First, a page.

By Johan Vromans (31 pages)
The Perl Reference Guide is a concise book that examines Perl syntax, variables, literals, operators and precedence, statements, subroutines, packages and modules. Later chapters cover object oriented programming, functions (arithmetic, conversion, string, array and hash, search and replace), input/output, and more.
The author does not specify a specific license, but the book can be reproduced, printed and distributed freely for non-profit purposes.
By Shishir Gundavaram (450 pages)
This book introduces the reader to a variety of applications that serve as models for CGI scripts. Complete applications in the book include an animated clock, a search tool, a survey, a quiz program, a game, a gateway to Usenet News, and an appointment calendar based on a clickable imagemap.
It includes forms, server side includes, hypermedia documents, multiple form interaction as well as advanced and creative CGI applications. It also teaches the reader how to debug and test CGI programs.
This book is out of print, but it has been made available online through the O’Reilly Open Books Project, with “open” copyright. There is a 2nd edition in paperback available to buy.
By Allen B. Downey (69 pages)
Learning Perl the Hard Way is a book for people who already know how to program in another language, but have not previously developed in Perl. It tries to get through the basics as quickly as possible, and how to do fun things. It emphasizes good programming style in Perl.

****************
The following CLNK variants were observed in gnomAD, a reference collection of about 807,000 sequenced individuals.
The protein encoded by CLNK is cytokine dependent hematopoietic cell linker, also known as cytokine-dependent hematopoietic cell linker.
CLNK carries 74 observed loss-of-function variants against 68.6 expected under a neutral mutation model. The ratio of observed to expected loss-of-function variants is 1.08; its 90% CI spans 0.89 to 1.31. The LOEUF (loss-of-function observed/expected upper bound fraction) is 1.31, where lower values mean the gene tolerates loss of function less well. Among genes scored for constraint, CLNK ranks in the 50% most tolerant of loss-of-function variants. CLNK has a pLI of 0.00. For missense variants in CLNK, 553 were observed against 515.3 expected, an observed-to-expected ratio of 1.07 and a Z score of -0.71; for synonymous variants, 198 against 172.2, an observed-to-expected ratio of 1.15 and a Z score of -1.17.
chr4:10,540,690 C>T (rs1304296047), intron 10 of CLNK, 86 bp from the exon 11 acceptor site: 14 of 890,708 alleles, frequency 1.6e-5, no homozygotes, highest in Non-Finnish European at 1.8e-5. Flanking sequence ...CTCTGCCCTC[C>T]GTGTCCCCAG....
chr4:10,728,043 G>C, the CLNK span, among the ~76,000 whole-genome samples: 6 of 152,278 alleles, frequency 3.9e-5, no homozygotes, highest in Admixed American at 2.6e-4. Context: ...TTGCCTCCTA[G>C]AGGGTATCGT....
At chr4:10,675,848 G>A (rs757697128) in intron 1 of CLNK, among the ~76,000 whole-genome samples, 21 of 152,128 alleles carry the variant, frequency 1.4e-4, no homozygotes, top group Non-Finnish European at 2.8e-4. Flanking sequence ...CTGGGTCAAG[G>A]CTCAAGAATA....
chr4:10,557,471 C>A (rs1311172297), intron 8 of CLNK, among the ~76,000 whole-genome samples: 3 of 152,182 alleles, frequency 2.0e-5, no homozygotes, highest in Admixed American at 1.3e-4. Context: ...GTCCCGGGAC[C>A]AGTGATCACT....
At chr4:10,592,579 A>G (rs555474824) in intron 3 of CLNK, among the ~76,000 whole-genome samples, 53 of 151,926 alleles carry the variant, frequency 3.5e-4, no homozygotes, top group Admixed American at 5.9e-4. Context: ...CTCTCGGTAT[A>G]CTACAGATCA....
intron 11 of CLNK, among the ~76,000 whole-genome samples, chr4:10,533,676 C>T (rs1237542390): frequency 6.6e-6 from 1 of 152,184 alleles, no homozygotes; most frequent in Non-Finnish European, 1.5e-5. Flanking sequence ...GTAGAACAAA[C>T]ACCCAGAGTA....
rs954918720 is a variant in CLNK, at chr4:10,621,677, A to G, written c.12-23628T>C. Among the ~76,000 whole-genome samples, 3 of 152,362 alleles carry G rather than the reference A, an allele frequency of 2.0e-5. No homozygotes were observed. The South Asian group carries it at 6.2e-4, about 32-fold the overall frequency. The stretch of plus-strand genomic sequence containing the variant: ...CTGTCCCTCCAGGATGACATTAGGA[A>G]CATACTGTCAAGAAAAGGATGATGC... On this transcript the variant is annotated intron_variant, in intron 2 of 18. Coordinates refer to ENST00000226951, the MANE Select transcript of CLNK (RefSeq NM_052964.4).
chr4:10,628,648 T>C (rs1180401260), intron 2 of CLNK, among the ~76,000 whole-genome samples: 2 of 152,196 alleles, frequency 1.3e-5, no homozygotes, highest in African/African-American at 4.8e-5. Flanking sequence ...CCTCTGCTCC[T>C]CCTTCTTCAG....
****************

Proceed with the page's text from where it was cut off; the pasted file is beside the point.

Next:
Learning Perl the Hard Way has chapters on:
Learning Perl the Hard Way is a free book available under the GNU Free Documentation License.
By Clinton Wong (228 pages)
Web Client Programming with Perl shows you how to extend scripting skills to the Web. This book teaches you the basics of how browsers communicate with servers and how to write your own customized Web clients to automate common tasks. It is intended for those who are motivated to develop software that offers a more flexible and dynamic response than a standard Web browser.
A web client is an application that communicates with a web server, using Hypertext Transfer Protocol (HTTP).
This books helps developers learn how to:
Most of the examples in this book use Perl. The book does not teach Perl, but the techniques used in the book should be easily followed by anyone with some programming background and can be adapted to whatever language you choose.
The book is licensed under a Creative Commons license.
By Kirrily Robert, Paul Fenwick, Jacinta Richardson (252 pages)
Programming Perl is a five day module in which you will learn how to program in Perl. It assumes you have programmed before, that you understand the concept of variables, conditional and looping constructs, and the use of user defined functions.
This book is released under the Open Publications License 1.0.
By Simon Cozens (102 pages)
Perl 5 Internals is a three-hour course which provides a hands-on introduction to how the Perl interpreter works internally, how to go about testing and fixing bugs in the interpreter, and what the internals are likely to look like in the future of Perl, Perl 6.
The book covers:
This book is also released under the Open Publications License 1.0.
By Bradley M. Kuhn (66 pages)
Picking up Perl was primarily written to serve as a freely redistributable tutorial for the Perl language.
Topics covered include:
This book is released under the terms of the GNU Free Documentation License, Version 1.1 or any later version.
By Nick Parlante (25 pages)
We close with a short introduction to Perl. The book is targeted at developers with some programming knowledge.
The author doesn’t specify a specific license, but says the document is free to be used, reproduced or sold as long as the copyright notice is maintained.
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